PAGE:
Manjushri is most often depicted as a male Bodhisattva wielding a flaming sword in his right hand. The sword represents the realisation of transcendent...
Manjushri is the oldest, best known and most significant Bodhisattva in the Mahayana Buddhist pantheon and was first referred to in early Mahayana sutras such as the Prajnaparamita (Perfection Of Wisdom) Sutras.
Manjushri in the Chinese tradition
Within Vajrayana Buddhism, Manjushri is a meditational deity and considered a fully enlightened Buddha. In Shingon Buddhism, he is one of the Thirteen Buddhas to whom disciples devote themselves.
He figures extensively in many esoteric texts such as the Manjusri-mula-kalpa and the Manjusrinamasamgiti. Through his early association with the Prajnaparamita Sutras, he came to symbolise the embodiment of prajna (transcendent wisdom).
Manjushri is most often depicted as a male Bodhisattva wielding a flaming sword in his right hand. The sword represents the realisation of transcendent wisdom which cuts down ignorance and duality which binds sentient beings to a cycle of suffering and unhappiness.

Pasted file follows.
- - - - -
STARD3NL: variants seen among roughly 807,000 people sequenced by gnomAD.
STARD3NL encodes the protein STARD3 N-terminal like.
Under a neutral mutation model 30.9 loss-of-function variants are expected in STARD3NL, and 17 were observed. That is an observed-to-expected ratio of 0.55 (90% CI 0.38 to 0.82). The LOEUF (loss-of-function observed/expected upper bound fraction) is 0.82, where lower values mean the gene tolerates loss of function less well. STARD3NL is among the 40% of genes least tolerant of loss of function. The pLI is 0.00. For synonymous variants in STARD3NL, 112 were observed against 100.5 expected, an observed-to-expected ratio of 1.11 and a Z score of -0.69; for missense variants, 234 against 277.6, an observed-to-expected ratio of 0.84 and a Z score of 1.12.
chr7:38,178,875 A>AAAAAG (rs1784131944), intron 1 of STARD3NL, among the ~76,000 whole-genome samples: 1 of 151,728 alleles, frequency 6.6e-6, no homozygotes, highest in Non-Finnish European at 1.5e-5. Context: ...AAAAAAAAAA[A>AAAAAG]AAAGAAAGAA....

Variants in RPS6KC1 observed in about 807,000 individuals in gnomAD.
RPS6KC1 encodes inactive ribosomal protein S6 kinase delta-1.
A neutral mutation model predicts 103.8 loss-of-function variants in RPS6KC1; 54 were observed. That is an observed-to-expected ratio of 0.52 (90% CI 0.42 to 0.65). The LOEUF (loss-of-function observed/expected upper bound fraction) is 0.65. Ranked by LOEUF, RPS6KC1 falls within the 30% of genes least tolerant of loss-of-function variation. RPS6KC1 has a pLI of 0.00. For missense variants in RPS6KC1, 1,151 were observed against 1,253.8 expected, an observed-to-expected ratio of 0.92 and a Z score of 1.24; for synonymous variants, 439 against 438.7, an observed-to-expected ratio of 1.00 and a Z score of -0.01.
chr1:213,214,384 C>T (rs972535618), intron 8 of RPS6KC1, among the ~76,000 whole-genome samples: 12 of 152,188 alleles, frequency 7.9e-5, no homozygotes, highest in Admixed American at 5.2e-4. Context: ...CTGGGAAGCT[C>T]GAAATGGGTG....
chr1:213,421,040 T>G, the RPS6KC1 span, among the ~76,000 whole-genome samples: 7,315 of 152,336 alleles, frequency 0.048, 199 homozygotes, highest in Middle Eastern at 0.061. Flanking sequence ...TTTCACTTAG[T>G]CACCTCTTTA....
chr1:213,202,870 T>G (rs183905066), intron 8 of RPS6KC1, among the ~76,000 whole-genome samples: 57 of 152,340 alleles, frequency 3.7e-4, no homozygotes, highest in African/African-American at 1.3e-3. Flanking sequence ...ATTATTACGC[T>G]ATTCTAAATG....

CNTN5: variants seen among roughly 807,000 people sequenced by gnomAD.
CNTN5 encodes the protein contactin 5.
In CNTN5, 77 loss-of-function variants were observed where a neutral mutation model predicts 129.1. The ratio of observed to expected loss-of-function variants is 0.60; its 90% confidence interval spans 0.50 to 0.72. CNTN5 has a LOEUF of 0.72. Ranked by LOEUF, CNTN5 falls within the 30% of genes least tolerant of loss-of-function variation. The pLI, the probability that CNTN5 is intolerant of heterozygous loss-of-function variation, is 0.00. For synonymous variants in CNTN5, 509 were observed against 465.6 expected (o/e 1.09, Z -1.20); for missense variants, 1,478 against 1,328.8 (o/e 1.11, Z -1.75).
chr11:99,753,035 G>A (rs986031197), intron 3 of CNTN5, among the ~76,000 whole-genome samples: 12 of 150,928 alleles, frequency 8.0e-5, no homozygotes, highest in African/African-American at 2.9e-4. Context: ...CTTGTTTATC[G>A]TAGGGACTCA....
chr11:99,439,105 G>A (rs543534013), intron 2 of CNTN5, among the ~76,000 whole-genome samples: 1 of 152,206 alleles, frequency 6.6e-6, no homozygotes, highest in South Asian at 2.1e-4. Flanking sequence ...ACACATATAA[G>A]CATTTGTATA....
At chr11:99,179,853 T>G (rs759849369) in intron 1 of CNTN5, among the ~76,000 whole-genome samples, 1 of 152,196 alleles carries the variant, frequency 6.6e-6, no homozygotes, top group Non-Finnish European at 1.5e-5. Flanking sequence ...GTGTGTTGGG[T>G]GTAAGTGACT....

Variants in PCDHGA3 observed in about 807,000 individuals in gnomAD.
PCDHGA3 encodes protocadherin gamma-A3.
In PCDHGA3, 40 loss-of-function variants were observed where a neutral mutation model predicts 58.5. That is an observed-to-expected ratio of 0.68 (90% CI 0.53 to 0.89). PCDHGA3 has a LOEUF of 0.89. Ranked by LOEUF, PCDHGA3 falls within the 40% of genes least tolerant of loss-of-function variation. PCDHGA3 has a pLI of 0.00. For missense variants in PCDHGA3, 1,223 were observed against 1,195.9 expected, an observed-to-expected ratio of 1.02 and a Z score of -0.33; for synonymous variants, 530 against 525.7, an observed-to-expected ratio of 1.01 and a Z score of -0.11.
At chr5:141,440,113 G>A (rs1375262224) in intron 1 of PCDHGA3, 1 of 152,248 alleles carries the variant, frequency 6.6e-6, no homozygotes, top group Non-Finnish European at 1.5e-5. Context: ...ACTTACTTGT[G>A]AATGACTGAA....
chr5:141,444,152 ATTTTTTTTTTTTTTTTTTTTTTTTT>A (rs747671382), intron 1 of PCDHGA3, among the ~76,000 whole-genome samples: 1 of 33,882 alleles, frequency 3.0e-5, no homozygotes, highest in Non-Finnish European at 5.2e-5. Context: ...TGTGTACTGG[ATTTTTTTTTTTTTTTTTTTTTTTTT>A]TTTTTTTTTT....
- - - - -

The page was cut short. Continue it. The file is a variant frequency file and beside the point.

Who wields the sword of wisdom hewing down suffering wherever its sprouts appear, clearing away the darkness of all ignorance.Praise to Manjushri (Gangloma)
In Chinese and Japanese Buddhist traditions, Manjushri’s sword is occasionally replaced with a ruyi scepter, especially in representations of his Vimalakirti Sutra discussion with the layman Vimalakirti. This is significant because in this form or aspect, Manjushri is playing the part of an arhat or a liberated person (one who has attained Nirvana) and is not wielding a wisdom sword to help others transcend or win over ignorance.
A ruyi scepter serves as a ceremonial scepter in Chinese Buddhism or a talisman symbolising power and good fortune in Chinese folklore. A traditional ruyi has a long S-shaped handle and a head fashioned like a fist, cloud, or lingzhi mushroom.
Up Close and Personal
Dorje Shugden is an emanation or aspect of Wisdom Buddha Manjushri. Just like Bodhisattva Manjushri, Dorje Shugden too wields a flaming sword in his right hand but his sword is curved.
Dorje Shugden in Kechara Forest Retreat, Malaysia
In contrast to a straight sword, a wavy sword is reminiscent of the South East Asian keris dagger and greatly increases the severity of wounds inflicted.
The keris is also effective in up-close martial arts. Indeed in the past, they were carried by warriors as a secondary armament in case they lost their main weapon, which was usually a spear and used for fighting at a distance.
Hence, the significance of Dorje Shugden’s sword is not only that it is the same Manjushri sword of discriminating wisdom, but it does its job “better”. It also indicates that Dorje Shugden stands by very close to us to do his work.
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